The Artists: Clara Driscoll and Louis Comfort Tiffany
There is no argument that Louis Comfort Tiffany was an amazing artist, whose stained glass lamps, windows, mosaics, and other works helped define the entire look of the Art Nouveau movement.
His own company, best known as Tiffany Studios, operated from 1878 to nearly 1930, and its more than 300 artisans are responsible for some of the most beautiful windows for churches, hotels, and other buildings throughout the nation. This included installations for the White House commissioned by President Chester Arthur.
Today, a newer Tiffany Studios continues to create more obtainable reproductions of the original studio’s work.
However, one of his secret weapons was a glass artist and designer named Clara Driscoll. Driscoll supervised Tiffany’s Womens’ Glass Cutting Department, often referred to as the “Tiffany Girls.”
Driscoll was born in 1861. Her father died when she was 12. She and her sisters were some of the few women of the time encouraged to pursue a higher education, and she found herself drawn to the visual arts. After attending Western Reserve School of Design for Women, now Cleveland Institute of Art, she worked in furniture making. She also continued her education at the Metropolitan Museum Art School. It was there Tiffany discovered her.
She was a widow—married women were not allowed to work at the studio—so she was hired on. She worked for Tiffany for more than 20 years until she remarried in 1909, and may have been one of the highest paid women of her time. She earned $10,000 a year with Tiffany Studios.
It is likely, as a matter of fact, that anyone who has had the opportunity see one of Tiffany Studios’ famous floral lamps is seeing a pattern designed by Driscoll and her department’s artists. At the time, however, she didn’t get the credit for her work.
As recent as 2002, it had been discovered she was the designer behind one of Tiffany’s most iconic designs, the Dragonfly lampshades. It really was not until around 2006 a researcher and history professor named Martin Eidelberg was able to confirm, through a series of correspondence between Tiffany and Driscoll, her department was responsible for many of the studios’ lamps.
In 2007, Eidelberg, Nina Gray and Margaret Hofer released the book A New Light on Tiffany: Clara Driscoll and the Tiffany Girls, which “presents celebrated works of Tiffany Studios in an entirely new context, focusing on the women who labored behind the scenes to create the masterpieces now inextricably linked to the Tiffany name.”
Today, many more people now know about Driscoll’s invaluable contributions to Tiffany’s work, but there were around 300 artisans who helped make Tiffany Studios as famous as it was.
One thing Tiffany himself was very aware of is that just because works of art can be made into a successful business venture, it doesn’t have to lose it artistic merit. He has been often credited with the following quote indicating artists don’t have to be starving to be significant.
“Go after the money there is in art, but the art will be there just the same,” he said.
The Project: Geeky little “Windows”
One of the most beautiful things about most glass art is its relationship to light, either natural or artificial.
For this project, we’ll be making some easily illuminated shadowboxes in the spirit of Driscoll, Tiffany, and all the Tiffany artists’ designs.
• A shadowbox frame with glass or small gift box (like a necklace or tie box)
• Shrink art paper (if using gift boxes)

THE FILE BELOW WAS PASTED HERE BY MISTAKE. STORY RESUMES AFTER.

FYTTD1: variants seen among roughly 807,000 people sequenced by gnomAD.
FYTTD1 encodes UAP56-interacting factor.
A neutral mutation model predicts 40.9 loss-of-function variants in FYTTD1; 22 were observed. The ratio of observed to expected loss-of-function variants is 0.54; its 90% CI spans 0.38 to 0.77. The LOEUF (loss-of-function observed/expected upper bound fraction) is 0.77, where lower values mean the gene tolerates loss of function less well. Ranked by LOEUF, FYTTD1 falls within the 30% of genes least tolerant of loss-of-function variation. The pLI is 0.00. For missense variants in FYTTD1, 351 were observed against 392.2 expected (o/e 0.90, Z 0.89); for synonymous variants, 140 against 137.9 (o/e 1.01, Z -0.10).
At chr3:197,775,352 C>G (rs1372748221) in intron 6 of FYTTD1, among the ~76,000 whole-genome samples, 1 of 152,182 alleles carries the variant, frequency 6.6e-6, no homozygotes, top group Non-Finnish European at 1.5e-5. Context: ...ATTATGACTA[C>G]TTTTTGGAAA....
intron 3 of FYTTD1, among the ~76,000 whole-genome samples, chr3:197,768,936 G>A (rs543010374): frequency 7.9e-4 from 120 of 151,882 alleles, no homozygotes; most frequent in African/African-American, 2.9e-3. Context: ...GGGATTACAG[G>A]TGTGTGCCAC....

• A small string battery-operated LED lights OR little LED balloon or lantern lights for smaller, ring-size boxes. These can be purchased at party or craft stores.
• Transparent or sun paints (for glass shadowboxes)
• Black or metallic puff paint
• Felt tip markers (for gift boxes)
Tiffany’s window were created for beauty, and they were sometimes for celebration or sometimes for memorial. I was planning some Tim Burton-style designs for this project, but with the recent death of the original Willy Wonka, Gene Wilder, my daughters and I decided to create a set of memorials for some of the far too many amazing talents who were victims of 2016.
First, you need an image.
Use simple photographs, color book pictures, or draw your own idea on a piece of blank paper.
Next, place the glass, and use felt tip marker to trace the outline of the image as you want it. Then, use the paints or markers to color in the image, just like a color book.
If using shrink art sheets, shrink per the instructions on the package, after coloring and sizing the image for the box. The rule is shrink paper fizzles down to 1/3 of the original size, so measure your box first.
Go over the outlines of the glass image carefully with the puff paint. Wait until shrink art is already cooked and shrank when using those.
For the glass shadowbox frame: Reinsert the glass into the frame. Tape, glue, or use small wire staples (found at most home stores) and arrange the lights evenly around the inside back of the frame. Some small LED sets have a small enough battery pack to keep inside the box, or you can drill a small hole in the back of the frame if you want to get to it easier.
For the gift box frames: Using a small utility or hobby knife, cut a frame like hole in the lid of the box, leaving a small amount around the edge. Paint the box, if you want, before inserting the design on the inside of the frame. Add lights similar to the glass frame or the small LED lantern light in the center back of the box.
Place these finished boxes on shelves, bed stands, or other areas where you want a little color and illumination.
Use as much color as you want, regardless of how much the original image has. The bold use of color is one of the things that made Tiffany, Driscoll, and the other studio artists’ work so memorable.
“Color is to the eye what music is to the ear,” Tiffany said.